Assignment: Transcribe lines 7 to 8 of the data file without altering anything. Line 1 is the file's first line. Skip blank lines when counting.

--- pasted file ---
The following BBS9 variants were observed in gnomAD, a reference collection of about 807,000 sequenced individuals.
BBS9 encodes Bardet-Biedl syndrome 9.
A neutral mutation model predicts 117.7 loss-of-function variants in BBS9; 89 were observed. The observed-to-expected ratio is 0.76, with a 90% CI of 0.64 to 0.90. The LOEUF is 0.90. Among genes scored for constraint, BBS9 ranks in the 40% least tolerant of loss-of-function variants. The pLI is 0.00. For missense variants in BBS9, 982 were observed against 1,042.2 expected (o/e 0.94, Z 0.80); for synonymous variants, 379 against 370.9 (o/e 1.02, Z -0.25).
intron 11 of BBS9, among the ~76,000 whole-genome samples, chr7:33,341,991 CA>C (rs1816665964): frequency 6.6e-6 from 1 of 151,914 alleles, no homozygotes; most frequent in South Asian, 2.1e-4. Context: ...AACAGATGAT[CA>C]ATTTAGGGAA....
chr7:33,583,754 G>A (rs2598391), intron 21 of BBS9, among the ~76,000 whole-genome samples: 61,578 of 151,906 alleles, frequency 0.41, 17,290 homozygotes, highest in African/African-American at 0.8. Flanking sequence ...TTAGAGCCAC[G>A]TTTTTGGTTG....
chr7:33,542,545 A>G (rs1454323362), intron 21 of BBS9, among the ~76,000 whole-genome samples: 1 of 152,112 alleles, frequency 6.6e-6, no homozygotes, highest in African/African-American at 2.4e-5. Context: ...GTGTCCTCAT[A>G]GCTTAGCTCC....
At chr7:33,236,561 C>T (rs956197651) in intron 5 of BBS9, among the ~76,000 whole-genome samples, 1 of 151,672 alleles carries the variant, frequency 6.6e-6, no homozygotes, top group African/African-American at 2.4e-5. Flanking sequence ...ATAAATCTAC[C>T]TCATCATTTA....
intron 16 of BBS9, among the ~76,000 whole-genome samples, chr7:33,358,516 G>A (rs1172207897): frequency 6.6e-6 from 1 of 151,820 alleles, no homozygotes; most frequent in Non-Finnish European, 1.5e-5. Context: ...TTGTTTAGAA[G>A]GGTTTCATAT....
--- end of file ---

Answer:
At chr7:33,236,561 C>T (rs956197651) in intron 5 of BBS9, among the ~76,000 whole-genome samples, 1 of 151,672 alleles carries the variant, frequency 6.6e-6, no homozygotes, top group African/African-American at 2.4e-5. Flanking sequence ...ATAAATCTAC[C>T]TCATCATTTA....
intron 16 of BBS9, among the ~76,000 whole-genome samples, chr7:33,358,516 G>A (rs1172207897): frequency 6.6e-6 from 1 of 151,820 alleles, no homozygotes; most frequent in Non-Finnish European, 1.5e-5. Context: ...TTGTTTAGAA[G>A]GGTTTCATAT....